In The Age of Revolution, Eric Hobsbawm focuses on the tumultuous late 18th and early 19th centuries. He argues that the "dual revolutions" of the time -the French Revolution and the British Industrial Revolution - changed the way the whole world thought about politics and power, and fundamentally shaped the modern era.
200 years after it was written, Adam Smith published The Wealth of Nations is still debated by governments internationally. Smith argued that 'mercantilism'-the theory that the national economy exists solely to strengthen the government, thus the government should regulate the economy-was wrong.
Why We Can't Wait (1964) is arguably the most vital book by one of the most important men in US history. Martin Luther King Jr. sets out the ideas that fuelled a large part of the 1960s civil rights movement.
The Selfish Gene is that rarest of things: an outstanding work of scholarship that has seeped into popular culture. Richard Dawkins's contentious notion that organisms are survival mechanisms for 'selfish genes' has helped shape the debate in evolutionary biology for almost 40 years.
Considered the father of the philosophical movement known as Christian existentialism, which focuses on the living human being, Kierkegaard takes readers on a journey from the human self, its spirit, despair and sin, through to faith in this major 1849 work.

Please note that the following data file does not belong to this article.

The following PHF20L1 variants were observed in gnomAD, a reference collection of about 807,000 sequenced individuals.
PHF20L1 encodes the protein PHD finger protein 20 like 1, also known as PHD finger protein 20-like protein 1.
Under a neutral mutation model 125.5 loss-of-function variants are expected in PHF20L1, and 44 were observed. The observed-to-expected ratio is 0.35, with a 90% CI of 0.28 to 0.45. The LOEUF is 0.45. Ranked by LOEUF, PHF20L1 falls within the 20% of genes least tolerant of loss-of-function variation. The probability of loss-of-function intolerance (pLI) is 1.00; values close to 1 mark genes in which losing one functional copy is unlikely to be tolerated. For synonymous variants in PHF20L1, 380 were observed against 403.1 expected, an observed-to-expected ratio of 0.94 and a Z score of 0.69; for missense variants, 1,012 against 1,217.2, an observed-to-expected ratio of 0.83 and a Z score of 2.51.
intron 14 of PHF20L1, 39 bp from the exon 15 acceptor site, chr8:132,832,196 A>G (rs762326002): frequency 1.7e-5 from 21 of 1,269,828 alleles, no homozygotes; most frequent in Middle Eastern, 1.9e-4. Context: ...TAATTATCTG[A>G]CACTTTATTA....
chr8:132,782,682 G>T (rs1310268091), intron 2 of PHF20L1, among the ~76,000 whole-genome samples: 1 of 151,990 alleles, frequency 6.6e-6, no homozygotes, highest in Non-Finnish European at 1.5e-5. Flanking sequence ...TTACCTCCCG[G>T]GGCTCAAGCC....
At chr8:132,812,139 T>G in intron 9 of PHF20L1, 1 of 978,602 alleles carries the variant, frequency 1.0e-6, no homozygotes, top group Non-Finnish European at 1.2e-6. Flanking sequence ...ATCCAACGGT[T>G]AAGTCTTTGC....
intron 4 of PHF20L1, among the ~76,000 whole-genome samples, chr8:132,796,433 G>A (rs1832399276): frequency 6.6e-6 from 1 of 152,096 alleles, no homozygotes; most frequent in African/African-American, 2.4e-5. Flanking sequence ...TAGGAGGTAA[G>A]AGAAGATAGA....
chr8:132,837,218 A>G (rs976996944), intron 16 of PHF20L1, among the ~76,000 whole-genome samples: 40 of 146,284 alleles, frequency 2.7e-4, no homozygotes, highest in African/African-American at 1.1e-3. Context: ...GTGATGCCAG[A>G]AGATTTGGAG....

In this original and controversial 2005 book, Mahmood argues that Muslim women can show independence even while assuming traditional Islamic roles. Her research suggests that, in choosing to embrace the norms of their faith, these pious Muslims are not limiting, but rather affirming, themselves.
Postmodernist thinkers consider history to be not very far removed from a work of fiction, something dependent on historians' own interpretations of the past. Evans, however, argues that we can trust history and it is possible to be objective about what happened and what caused it to happen.
What is justice? How should an individual and a society behave justly? And how do they learn how to do so? These are just some of the core questions explored in The Republic, considered by many to be Plato's most important work.